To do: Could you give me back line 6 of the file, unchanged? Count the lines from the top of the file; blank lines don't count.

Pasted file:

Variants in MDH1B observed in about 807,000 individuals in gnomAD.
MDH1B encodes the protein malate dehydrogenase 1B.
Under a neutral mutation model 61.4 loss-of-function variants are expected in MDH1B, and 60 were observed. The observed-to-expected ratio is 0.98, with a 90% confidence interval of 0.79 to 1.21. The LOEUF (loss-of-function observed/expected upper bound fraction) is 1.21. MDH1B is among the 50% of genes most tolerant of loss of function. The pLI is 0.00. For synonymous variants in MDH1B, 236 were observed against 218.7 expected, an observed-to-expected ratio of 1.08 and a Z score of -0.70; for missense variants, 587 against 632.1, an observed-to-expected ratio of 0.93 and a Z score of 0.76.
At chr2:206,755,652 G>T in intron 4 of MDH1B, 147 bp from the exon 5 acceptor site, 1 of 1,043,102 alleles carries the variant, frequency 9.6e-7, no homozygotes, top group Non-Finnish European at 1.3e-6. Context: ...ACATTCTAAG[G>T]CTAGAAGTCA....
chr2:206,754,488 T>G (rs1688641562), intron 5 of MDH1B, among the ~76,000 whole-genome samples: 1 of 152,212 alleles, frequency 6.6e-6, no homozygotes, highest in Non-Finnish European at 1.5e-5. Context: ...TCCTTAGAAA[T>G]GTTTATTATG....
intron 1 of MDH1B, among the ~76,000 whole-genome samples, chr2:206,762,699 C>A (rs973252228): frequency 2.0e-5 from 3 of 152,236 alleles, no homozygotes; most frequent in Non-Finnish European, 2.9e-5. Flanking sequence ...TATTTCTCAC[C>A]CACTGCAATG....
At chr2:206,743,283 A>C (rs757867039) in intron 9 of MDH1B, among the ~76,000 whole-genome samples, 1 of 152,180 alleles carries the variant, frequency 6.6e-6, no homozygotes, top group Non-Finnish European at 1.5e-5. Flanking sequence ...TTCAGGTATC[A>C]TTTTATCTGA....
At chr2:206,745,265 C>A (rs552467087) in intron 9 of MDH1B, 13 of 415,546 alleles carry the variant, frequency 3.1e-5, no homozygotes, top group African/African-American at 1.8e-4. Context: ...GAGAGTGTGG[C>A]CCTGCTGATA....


intron 1 of MDH1B, among the ~76,000 whole-genome samples, chr2:206,762,699 C>A (rs973252228): frequency 2.0e-5 from 3 of 152,236 alleles, no homozygotes; most frequent in Non-Finnish European, 2.9e-5. Flanking sequence ...TATTTCTCAC[C>A]CACTGCAATG....